ADAMS, NE – Nebraska drivers can take advantage of huge savings on E15 for $1.99, E30 for $1.79, and E85 for $0.99 a gallon at Midwest Farmers Cooperative in Adams (200 7th St.) for an entire week – Wednesday, March 28 to Tuesday, April 3. Consumers will be limited to 30 gallons and no containers are allowed.
The fuel savings will last a week, but the main event is a grand opening celebration Wednesday, March 28, from 11 a.m. to 2 p.m. The event will kick off with a ribbon cutting to introduce the new flex fuel pumps that now dispense E10, E15, E30 and E85.
The sponsors – Nebraska Ethanol Board, Nebraska Corn Board and E-Energy Adams – will be on site greeting drivers, pumping fuel and providing giveaways. Southeast Corn Growers Association and Farm Credit Services of America will provide a complimentary hot dog, chips, cookie and drink to grand opening customers.
“We applaud Midwest Farmers Cooperative for providing consumers more choice and offering cleaner-burning, homegrown fuel at a lower cost,” said Megan Grimes, Nebraska Ethanol Board program manager. “With fuel produced by a nearby ethanol plant, this is the only Nebraska station offering higher ethanol blends southeast of Lincoln.”
E15 (15 percent ethanol and 85 percent gasoline) is approved by the Environmental Protection Agency (EPA) for use in all passenger vehicles model year 2001 and newer. Ethanol blends higher than 15 percent are approved for use in flex fuel vehicles. One in seven Nebraskans are driving a flex fuel vehicle, which can run on any blend of American Ethanol up to E85 (85 percent ethanol and 15 percent gasoline). Drivers can check their owner’s manual to see if they’re driving a flex fuel vehicle. The vehicle might also have a flex fuel badge on the trunk or tailgate — or have a yellow gas cap.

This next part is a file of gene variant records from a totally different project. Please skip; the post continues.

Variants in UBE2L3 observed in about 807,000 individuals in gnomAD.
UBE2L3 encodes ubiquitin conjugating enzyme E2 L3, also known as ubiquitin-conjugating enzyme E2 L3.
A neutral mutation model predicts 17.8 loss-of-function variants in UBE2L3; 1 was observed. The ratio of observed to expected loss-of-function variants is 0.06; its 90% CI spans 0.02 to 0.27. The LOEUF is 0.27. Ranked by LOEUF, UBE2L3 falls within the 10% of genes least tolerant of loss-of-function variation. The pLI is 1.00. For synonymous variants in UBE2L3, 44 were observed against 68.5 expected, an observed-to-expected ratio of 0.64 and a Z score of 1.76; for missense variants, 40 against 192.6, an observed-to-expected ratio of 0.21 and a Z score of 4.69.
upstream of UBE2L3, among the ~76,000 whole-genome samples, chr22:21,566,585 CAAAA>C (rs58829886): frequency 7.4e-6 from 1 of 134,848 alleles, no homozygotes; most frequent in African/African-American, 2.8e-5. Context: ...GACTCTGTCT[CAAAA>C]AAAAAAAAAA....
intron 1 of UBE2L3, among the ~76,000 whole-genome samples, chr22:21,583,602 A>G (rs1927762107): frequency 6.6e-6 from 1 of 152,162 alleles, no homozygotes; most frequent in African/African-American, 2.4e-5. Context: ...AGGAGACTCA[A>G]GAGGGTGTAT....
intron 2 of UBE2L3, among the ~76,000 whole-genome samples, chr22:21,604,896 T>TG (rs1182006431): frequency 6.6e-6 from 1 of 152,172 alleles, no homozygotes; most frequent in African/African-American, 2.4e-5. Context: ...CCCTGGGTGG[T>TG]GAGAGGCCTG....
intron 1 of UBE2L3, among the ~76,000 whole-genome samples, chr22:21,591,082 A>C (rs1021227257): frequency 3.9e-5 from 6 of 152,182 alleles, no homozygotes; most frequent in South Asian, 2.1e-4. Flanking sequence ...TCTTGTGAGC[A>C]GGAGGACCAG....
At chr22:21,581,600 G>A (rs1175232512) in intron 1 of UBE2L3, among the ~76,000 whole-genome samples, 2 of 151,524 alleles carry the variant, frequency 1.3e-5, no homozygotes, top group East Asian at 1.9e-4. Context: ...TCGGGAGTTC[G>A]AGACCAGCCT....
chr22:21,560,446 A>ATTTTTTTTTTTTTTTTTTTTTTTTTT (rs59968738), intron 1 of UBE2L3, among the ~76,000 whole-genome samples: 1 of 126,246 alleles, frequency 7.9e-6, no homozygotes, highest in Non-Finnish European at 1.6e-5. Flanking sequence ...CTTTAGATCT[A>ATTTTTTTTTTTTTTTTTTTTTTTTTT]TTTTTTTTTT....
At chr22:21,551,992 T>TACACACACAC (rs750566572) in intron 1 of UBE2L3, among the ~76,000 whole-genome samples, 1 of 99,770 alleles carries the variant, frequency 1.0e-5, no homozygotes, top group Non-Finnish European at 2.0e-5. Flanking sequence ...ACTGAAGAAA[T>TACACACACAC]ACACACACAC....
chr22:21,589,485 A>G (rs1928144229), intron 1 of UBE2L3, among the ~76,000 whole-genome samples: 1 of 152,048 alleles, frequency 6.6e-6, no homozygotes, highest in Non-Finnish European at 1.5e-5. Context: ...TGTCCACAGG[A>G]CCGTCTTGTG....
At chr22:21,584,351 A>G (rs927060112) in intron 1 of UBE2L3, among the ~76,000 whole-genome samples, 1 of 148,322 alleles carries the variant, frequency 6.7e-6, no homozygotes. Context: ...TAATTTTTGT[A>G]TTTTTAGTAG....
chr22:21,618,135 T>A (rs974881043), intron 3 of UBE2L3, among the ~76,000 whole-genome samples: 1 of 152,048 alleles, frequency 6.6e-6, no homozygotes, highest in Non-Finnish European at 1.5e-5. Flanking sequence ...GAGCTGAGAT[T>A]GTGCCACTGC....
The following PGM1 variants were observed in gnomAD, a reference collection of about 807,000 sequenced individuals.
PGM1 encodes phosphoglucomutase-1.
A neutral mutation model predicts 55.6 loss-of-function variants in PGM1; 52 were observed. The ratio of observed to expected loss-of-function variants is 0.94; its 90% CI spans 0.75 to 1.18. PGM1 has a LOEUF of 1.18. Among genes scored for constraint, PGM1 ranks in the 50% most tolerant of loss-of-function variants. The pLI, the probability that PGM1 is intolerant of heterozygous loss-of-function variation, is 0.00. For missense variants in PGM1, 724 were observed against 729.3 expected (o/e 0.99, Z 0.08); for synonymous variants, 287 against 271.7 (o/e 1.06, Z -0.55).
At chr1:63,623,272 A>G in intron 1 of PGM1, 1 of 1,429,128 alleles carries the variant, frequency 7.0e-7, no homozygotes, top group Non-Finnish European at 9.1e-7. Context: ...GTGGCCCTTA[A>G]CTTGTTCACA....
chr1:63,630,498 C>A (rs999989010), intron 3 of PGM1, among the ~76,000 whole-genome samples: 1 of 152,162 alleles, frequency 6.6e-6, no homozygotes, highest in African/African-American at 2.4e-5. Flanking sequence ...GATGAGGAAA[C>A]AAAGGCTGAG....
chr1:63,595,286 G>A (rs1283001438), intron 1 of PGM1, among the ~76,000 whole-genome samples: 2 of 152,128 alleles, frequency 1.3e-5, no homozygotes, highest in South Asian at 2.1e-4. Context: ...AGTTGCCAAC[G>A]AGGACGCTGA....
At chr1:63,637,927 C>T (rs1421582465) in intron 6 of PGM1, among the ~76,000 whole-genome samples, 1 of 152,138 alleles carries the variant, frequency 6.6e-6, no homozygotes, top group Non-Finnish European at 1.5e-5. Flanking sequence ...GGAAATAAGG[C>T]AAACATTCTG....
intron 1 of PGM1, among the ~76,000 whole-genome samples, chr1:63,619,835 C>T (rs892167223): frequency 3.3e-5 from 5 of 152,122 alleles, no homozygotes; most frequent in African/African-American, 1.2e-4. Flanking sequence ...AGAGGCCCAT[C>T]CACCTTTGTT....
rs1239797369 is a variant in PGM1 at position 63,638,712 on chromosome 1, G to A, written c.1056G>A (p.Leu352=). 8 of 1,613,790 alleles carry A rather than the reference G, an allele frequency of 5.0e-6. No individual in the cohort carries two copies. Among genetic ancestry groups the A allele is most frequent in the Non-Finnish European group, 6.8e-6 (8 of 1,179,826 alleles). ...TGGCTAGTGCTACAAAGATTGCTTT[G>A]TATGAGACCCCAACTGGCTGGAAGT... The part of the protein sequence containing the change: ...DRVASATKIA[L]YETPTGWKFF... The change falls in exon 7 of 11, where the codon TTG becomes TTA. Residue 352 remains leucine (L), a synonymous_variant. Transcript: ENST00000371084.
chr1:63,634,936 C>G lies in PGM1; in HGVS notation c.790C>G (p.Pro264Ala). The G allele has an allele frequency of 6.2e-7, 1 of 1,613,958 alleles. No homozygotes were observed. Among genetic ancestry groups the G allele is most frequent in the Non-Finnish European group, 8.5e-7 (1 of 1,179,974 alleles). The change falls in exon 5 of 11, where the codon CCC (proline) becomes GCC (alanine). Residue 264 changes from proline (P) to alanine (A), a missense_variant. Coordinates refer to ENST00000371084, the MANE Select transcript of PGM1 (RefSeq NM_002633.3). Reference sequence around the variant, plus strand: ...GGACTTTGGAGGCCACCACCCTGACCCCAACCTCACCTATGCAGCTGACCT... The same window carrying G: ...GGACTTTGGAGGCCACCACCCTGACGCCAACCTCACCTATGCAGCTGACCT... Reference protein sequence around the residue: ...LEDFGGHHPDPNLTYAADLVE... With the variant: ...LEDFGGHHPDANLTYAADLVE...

A portion of Midwest Farmers Cooperative’s fuel pump upgrades were paid for with the Access Ethanol Nebraska (AEN), a grant program administrated by the Nebraska Corn Board, Nebraska Ethanol Board and Nebraska Department of Agriculture, with the Nebraska Energy Office as the lead agency. Nebraska’s federal award of approximately $2.3 million for the AEN program came from the USDA’s Commodity Credit Corporation’s Biofuel Infrastructure Partnership (BIP). USDA rules require that the USDA funds be matched dollar for dollar with funds from state, private industry or foundations. Matching funds will come from the Nebraska Corn Board through the state corn checkoff funds paid by Nebraska corn farmers and from the Nebraska Environmental Trust approved funding of $500,000 for each of the two years. Matching funds will also come from contributions made by individual ethanol plants and “Prime the Pump,” a nonprofit organized and funded by the ethanol industry to improve ethanol infrastructure.